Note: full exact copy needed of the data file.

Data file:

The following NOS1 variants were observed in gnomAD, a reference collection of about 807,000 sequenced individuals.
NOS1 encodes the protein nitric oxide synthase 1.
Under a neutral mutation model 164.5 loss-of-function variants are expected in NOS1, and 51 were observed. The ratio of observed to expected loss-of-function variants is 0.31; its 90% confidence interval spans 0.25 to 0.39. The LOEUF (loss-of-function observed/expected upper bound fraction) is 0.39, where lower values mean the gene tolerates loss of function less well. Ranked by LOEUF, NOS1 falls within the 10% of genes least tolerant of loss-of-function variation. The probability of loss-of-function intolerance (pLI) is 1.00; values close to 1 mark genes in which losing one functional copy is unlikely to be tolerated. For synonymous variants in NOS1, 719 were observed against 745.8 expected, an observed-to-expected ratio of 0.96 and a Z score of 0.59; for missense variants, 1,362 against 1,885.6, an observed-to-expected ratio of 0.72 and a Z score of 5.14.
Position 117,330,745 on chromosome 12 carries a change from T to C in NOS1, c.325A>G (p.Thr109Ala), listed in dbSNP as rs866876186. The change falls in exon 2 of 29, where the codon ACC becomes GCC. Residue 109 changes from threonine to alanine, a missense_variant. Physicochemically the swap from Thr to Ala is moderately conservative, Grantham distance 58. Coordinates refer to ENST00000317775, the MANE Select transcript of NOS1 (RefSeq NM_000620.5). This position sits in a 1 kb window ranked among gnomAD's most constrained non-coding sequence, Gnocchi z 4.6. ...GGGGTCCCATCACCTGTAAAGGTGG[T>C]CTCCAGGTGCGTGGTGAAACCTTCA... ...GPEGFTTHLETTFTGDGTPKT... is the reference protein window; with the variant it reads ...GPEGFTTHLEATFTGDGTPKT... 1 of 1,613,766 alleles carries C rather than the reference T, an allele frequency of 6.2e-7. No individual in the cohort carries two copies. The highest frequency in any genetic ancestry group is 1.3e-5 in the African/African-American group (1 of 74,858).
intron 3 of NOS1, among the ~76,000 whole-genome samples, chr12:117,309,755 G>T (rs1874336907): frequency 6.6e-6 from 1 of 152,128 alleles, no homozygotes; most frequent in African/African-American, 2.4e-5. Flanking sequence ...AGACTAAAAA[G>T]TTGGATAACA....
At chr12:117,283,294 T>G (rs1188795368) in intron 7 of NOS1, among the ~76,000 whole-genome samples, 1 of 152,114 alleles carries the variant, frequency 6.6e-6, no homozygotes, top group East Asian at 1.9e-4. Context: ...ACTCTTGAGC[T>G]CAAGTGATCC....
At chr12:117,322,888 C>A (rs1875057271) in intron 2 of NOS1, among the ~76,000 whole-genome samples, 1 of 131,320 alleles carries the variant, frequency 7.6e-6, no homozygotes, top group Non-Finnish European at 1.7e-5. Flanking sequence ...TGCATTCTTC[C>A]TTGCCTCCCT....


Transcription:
The following NOS1 variants were observed in gnomAD, a reference collection of about 807,000 sequenced individuals.
NOS1 encodes the protein nitric oxide synthase 1.
Under a neutral mutation model 164.5 loss-of-function variants are expected in NOS1, and 51 were observed. The ratio of observed to expected loss-of-function variants is 0.31; its 90% confidence interval spans 0.25 to 0.39. The LOEUF (loss-of-function observed/expected upper bound fraction) is 0.39, where lower values mean the gene tolerates loss of function less well. Ranked by LOEUF, NOS1 falls within the 10% of genes least tolerant of loss-of-function variation. The probability of loss-of-function intolerance (pLI) is 1.00; values close to 1 mark genes in which losing one functional copy is unlikely to be tolerated. For synonymous variants in NOS1, 719 were observed against 745.8 expected, an observed-to-expected ratio of 0.96 and a Z score of 0.59; for missense variants, 1,362 against 1,885.6, an observed-to-expected ratio of 0.72 and a Z score of 5.14.
Position 117,330,745 on chromosome 12 carries a change from T to C in NOS1, c.325A>G (p.Thr109Ala), listed in dbSNP as rs866876186. The change falls in exon 2 of 29, where the codon ACC becomes GCC. Residue 109 changes from threonine to alanine, a missense_variant. Physicochemically the swap from Thr to Ala is moderately conservative, Grantham distance 58. Coordinates refer to ENST00000317775, the MANE Select transcript of NOS1 (RefSeq NM_000620.5). This position sits in a 1 kb window ranked among gnomAD's most constrained non-coding sequence, Gnocchi z 4.6. ...GGGGTCCCATCACCTGTAAAGGTGG[T>C]CTCCAGGTGCGTGGTGAAACCTTCA... ...GPEGFTTHLETTFTGDGTPKT... is the reference protein window; with the variant it reads ...GPEGFTTHLEATFTGDGTPKT... 1 of 1,613,766 alleles carries C rather than the reference T, an allele frequency of 6.2e-7. No individual in the cohort carries two copies. The highest frequency in any genetic ancestry group is 1.3e-5 in the African/African-American group (1 of 74,858).
intron 3 of NOS1, among the ~76,000 whole-genome samples, chr12:117,309,755 G>T (rs1874336907): frequency 6.6e-6 from 1 of 152,128 alleles, no homozygotes; most frequent in African/African-American, 2.4e-5. Flanking sequence ...AGACTAAAAA[G>T]TTGGATAACA....
At chr12:117,283,294 T>G (rs1188795368) in intron 7 of NOS1, among the ~76,000 whole-genome samples, 1 of 152,114 alleles carries the variant, frequency 6.6e-6, no homozygotes, top group East Asian at 1.9e-4. Context: ...ACTCTTGAGC[T>G]CAAGTGATCC....
At chr12:117,322,888 C>A (rs1875057271) in intron 2 of NOS1, among the ~76,000 whole-genome samples, 1 of 131,320 alleles carries the variant, frequency 7.6e-6, no homozygotes, top group Non-Finnish European at 1.7e-5. Flanking sequence ...TGCATTCTTC[C>A]TTGCCTCCCT....